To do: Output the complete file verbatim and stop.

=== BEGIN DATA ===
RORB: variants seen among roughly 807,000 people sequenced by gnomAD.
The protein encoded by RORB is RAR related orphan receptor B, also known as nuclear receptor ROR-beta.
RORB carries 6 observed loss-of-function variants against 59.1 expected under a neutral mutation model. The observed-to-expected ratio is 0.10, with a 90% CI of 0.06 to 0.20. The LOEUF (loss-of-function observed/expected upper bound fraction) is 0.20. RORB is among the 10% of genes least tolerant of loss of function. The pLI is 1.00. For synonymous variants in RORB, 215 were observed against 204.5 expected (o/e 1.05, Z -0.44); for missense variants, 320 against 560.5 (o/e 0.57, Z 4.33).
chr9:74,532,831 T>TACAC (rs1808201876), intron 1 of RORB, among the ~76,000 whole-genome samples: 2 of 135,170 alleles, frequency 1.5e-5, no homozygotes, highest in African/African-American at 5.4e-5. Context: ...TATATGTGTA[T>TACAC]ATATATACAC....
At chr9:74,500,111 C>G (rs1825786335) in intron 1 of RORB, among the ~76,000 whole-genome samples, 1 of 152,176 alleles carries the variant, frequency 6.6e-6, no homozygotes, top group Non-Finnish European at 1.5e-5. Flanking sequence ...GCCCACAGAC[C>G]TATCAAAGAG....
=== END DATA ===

RORB: variants seen among roughly 807,000 people sequenced by gnomAD.
The protein encoded by RORB is RAR related orphan receptor B, also known as nuclear receptor ROR-beta.
RORB carries 6 observed loss-of-function variants against 59.1 expected under a neutral mutation model. The observed-to-expected ratio is 0.10, with a 90% CI of 0.06 to 0.20. The LOEUF (loss-of-function observed/expected upper bound fraction) is 0.20. RORB is among the 10% of genes least tolerant of loss of function. The pLI is 1.00. For synonymous variants in RORB, 215 were observed against 204.5 expected (o/e 1.05, Z -0.44); for missense variants, 320 against 560.5 (o/e 0.57, Z 4.33).
chr9:74,532,831 T>TACAC (rs1808201876), intron 1 of RORB, among the ~76,000 whole-genome samples: 2 of 135,170 alleles, frequency 1.5e-5, no homozygotes, highest in African/African-American at 5.4e-5. Context: ...TATATGTGTA[T>TACAC]ATATATACAC....
At chr9:74,500,111 C>G (rs1825786335) in intron 1 of RORB, among the ~76,000 whole-genome samples, 1 of 152,176 alleles carries the variant, frequency 6.6e-6, no homozygotes, top group Non-Finnish European at 1.5e-5. Flanking sequence ...GCCCACAGAC[C>G]TATCAAAGAG....